[11] Alpert MA, Pressly TA, Mukerji V, et al. Short- and long-term hemodynamic effects of captopril in patients with pulmonary hypertension and selected connective tissue disease. Chest 1992; 102:1407-1412

[12] Menon N, McAlpine L, Peacock AJ, et al. The acute effects of prostacyclin on pulmonary hemodynamics in patients with pulmonary hypertension secondary to systemic sclerosis. Arthritis Rheum 1998; 41:466-469

[13] McLaughlin VV, Genthner DE, Panella MM, et al. Compassionate use of continuous prostacyclin in the management of secondary pulmonary hypertension: a case series. Ann Intern Med 1999; 130:740-743

[14] Yousem SA. The pulmonary pathologic manifestations of the CREST syndrome. Hum Pathol 1990; 21:467-474

[15] Bolster MB, Silver RM. Lung disease in systemic sclerosis (scleroderma). Semin Respir Crit Care Med 1999; 20:109-120

[16] Denton CP, Cailes JB, Phillips GD, et al. Comparison of Doppler echocardiography and right heart catheterization to assess pulmonary hypertension in systemic sclerosis. Br J Rheumatol 1997; 36:239-243

[17] Mininni S, Diricatti G, Vono MC, et al. Noninvasive evaluation of right ventricle systolic pressure during dynamic exercise by saline-enhanced Doppler echocardiography in progressive systemic sclerosis. Angiology 1996; 47:467-474

[18] Suddeth CD, Strange C, Cook WR, et al. Failure of the circulatory system limits exercise performance in patients with systemic sclerosis. Am J Med 1993; 95:413-418

[19] Lomeo RM, Cornella RJ, Schabel SI, et al. Progressive systemic sclerosis sine scleroderma presenting as pulmonary interstitial fibrosis. Am J Med 1989; 87:525-527

[20] Wells AU, Hansell DM, Rubens MB, et al. Functional impairment in lone cryptogenic fibrosing alveolitis and fibrosing alveolitis associated with systemic sclerosis: a comparison. Am J Respir Crit Care Med 1997; 155:1657-1664

[21] Scully RE, Mark EJ, McNeely WF, et al. Case records of the Massachusetts General Hospital. N Engl J Med 1989; 320: 1333-1340

[22] McLaughhn VV, Genthner DE, Panella MM, et al. Reduction in pulmonary vascular resistance with long-term epoprostenol (prostacyclin) therapy in primary pulmonary hypertension. N Engl J Med 1998; 338:273-277

[23] Klings ES, Hill NS, Ieong MH, et al. Systemic sclerosis-associated pulmonary hypertension: short and long-term effects of epoprostenol (prostacyclin). Arthritis Rheum 1999; 42:2638-2645

[24] Castro PF, Bourge RC, McGiffin DC, et al. Intrapulmonary shunting in primary pulmonary hypertension: and observation in two patients treated with epoprostenol sodium. Chest 1998; 114:334-336

[25] Palmer SM, Robinson LJ, Wang A, et al. Massive pulmonary edema and death after prostacyclin infusion in a patient with pulmonary veno-occlusive disease. Chest 1998; 113:237-240

[26] Davis LL, deBoisblanc BP, Glynn CE, et al. Effect of prostacyclin on microvascular pressures in a patient with pulmonary veno--occlusive disease. Chest 1995; 108:1754-1756

[27] Humbert M, Maitre S, Capron F, et al. Pulmonary edema complicating continuous intravenous prostacyclin in pulmonary capillary hemangiomatosis. Am J Respir Crit Care Med 1998; 157:1681-1685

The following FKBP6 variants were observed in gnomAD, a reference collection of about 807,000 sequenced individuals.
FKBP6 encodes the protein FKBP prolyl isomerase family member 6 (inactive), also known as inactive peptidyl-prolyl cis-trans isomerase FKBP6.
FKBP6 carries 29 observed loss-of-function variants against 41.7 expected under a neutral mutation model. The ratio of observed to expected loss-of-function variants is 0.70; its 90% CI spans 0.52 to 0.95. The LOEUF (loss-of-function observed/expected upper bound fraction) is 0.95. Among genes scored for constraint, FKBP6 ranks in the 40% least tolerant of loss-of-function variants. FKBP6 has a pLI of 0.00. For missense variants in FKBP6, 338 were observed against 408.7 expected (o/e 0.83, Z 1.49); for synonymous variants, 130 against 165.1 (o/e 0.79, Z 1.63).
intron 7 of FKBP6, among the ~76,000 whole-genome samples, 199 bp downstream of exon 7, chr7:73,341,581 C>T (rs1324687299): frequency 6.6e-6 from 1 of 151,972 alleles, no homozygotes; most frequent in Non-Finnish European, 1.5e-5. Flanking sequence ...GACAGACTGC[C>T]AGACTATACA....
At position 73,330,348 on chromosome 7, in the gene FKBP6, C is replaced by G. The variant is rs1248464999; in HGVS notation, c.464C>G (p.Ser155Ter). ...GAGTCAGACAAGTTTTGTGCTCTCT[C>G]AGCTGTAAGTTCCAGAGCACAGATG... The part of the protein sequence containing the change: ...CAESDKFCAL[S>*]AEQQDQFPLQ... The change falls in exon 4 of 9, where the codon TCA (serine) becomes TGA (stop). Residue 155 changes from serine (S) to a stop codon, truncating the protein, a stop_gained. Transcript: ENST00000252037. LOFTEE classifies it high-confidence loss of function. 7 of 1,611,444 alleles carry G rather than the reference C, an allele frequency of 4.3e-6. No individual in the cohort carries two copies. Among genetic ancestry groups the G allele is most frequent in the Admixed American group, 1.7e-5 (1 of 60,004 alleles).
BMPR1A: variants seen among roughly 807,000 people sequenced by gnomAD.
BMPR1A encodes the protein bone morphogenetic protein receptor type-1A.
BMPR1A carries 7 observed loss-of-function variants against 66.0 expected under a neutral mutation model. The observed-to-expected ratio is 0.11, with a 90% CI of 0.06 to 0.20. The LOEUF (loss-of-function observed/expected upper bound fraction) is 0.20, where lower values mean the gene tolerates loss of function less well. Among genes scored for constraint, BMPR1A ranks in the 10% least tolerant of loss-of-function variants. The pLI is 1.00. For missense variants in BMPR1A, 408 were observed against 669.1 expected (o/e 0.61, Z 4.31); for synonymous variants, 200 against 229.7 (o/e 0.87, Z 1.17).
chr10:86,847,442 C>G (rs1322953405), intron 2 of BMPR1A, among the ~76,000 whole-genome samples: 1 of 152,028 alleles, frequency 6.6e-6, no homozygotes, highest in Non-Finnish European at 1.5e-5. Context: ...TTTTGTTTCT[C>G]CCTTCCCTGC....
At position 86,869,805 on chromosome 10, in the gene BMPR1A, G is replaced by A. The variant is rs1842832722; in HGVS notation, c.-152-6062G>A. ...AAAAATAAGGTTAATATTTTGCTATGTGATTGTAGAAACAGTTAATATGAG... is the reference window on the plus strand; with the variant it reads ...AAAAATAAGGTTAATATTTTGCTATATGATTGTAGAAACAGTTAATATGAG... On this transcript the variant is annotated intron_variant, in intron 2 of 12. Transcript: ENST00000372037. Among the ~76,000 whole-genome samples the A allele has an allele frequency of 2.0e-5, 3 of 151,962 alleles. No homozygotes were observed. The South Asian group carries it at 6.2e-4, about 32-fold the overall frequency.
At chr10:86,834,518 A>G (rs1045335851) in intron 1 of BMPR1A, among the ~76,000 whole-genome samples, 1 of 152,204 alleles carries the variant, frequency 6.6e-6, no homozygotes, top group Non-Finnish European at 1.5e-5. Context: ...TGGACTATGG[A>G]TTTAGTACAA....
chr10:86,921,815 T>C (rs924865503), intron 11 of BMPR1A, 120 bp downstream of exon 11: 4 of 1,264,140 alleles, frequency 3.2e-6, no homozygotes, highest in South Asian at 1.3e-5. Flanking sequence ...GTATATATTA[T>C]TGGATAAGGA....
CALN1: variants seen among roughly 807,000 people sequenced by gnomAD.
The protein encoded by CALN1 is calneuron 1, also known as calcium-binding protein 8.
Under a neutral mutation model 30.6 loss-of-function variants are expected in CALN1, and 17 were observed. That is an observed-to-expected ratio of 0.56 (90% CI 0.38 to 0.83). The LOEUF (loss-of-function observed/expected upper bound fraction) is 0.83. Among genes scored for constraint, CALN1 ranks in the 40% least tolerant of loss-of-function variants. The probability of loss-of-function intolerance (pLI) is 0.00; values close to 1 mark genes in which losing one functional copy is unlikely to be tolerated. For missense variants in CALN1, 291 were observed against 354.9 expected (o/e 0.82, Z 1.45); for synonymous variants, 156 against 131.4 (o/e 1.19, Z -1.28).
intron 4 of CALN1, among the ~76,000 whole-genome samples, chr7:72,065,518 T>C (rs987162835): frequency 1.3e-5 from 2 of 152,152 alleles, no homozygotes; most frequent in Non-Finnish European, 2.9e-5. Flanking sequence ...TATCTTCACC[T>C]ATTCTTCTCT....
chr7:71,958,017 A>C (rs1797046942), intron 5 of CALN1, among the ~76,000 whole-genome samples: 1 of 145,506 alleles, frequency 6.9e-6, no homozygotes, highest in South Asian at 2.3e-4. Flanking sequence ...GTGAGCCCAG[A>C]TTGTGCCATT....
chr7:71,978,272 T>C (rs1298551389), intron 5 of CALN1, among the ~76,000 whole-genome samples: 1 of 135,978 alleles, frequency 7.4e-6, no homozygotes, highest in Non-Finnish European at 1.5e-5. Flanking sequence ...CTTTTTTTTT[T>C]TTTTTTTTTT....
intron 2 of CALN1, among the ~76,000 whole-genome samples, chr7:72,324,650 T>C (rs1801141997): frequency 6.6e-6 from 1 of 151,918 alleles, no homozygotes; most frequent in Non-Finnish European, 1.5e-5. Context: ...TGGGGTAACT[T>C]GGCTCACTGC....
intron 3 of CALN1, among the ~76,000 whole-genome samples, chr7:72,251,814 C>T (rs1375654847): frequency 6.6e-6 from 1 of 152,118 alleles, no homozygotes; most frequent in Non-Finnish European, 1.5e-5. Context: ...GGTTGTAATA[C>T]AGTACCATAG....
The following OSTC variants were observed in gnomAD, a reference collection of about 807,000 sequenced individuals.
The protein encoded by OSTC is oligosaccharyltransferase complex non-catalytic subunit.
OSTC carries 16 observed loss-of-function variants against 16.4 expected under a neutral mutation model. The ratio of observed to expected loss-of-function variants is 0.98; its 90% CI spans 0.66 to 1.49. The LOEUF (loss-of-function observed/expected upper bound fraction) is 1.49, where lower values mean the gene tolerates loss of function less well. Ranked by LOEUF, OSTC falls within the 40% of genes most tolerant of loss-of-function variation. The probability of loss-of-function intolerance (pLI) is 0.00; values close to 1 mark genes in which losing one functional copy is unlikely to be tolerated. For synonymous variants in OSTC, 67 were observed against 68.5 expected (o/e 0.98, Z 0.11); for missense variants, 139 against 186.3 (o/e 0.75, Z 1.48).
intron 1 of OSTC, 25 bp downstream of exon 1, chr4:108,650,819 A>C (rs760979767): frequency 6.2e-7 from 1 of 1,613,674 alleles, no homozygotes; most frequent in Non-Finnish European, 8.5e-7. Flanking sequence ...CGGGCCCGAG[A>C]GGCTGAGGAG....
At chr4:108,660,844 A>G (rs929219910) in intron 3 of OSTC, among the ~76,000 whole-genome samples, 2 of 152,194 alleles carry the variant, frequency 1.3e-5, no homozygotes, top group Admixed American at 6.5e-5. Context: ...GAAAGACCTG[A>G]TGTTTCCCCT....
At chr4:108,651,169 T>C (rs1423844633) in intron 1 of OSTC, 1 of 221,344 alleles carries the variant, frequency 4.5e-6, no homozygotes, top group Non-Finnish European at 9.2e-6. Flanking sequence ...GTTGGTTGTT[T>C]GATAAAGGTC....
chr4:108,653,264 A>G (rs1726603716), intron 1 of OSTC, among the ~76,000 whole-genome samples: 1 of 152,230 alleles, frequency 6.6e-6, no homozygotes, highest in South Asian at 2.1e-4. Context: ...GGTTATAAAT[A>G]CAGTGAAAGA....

[28] Farber HW, Graven KK, Kokolski G, et al. Pulmonary edema during acute infusion of epoprostenol in a patient with pulmonary hypertension and limited scleroderma. J Rheumatol 1999; 6:1195-1196

[29] Morassut PA, Walley VM, Smith CD. Pulmonary veno-occlusive disease and the CREST variant of scleroderma. Can J Cardiol 1992; 8:1055-1058

[30] Valentini G, Vitale DF, Giunta A, et al. Diastolic abnormalities in systemic sclerosis: evidence for associated defective cardiac functional reserve. Ann Rheum Dis 1996; 55:455-460

[31] Badesch DB, Tapson VF, McGoon MD, et al. Continuous intravenous epoprostenol for pulmonary hypertension due to the scleroderma spectrum of disease: a randomized controlled trial. Ann Intern Med 2000; 132:425-434

[32] Robbins IM, Christman BW, Newman JH, et al. A survey of diagnostic practices and the use of epoprostenol in patients with primary pulmonary hypertension. Chest 1998; 114: 1269-1275

[33] Williamson DJ, Hayward C, Rogers P, et al. Acute hemodynamic responses to inhaled nitric oxide in patients with limited scleroderma and isolated pulmonary hypertension. Circulation 1996; 94:477-482

[34] Cailes J, Winter S, du Bois RM, et al. Defective endothelially mediated pulmonary vasodilation in systemic sclerosis. Chest 1998; 114:178-184

[35] Caries JB, du Bois RM, Hansell DM. Density gradient of the lung parenchyma at computed tomographic scanning in patients with pulmonary hypertension and systemic sclerosis. Acad Radiol 1996; 3:724-730

[36] Raeside DA, Chalmers G, Clelland J, et al. Pulmonary artery pressure variation in patients with connective tissue disease: 24 hour ambulatory pulmonary artery pressure monitoring. Thorax 1998; 53:857-862

(*) From the Division of Pulmonary and Critical Care Medicine, Allergy and Clinical Immunology (Drs. Strange and Mazur), and the Division of Rheumatology and Immunology (Drs. Bolster, Taylor, and Silver), Medical University of South Carolina, Charleston, SC; and the Division of Puhnonary Diseases (Dr. Gossage), Medical College of Georgia, Augusta, GA. This research was supported in part by the RGK Foundation, Austin, TX.

Dr. Silver and Dr. Strange have been consultants for Glaxo Wellcome, the makers of epoprostenol, for services independent of this clinical report.

Manuscript received October 19, 1999; revision accepted April 11, 2000.

Correspondence to: Charlie Strange, MD, FCCP, 96 Jonathan Lucas St, PO Box 250623, Medical University of South Carolina, Charleston, SC, 29425; e-mail:

COPYRIGHT 2000 American College of Chest Physicians
COPYRIGHT 2001 Gale Group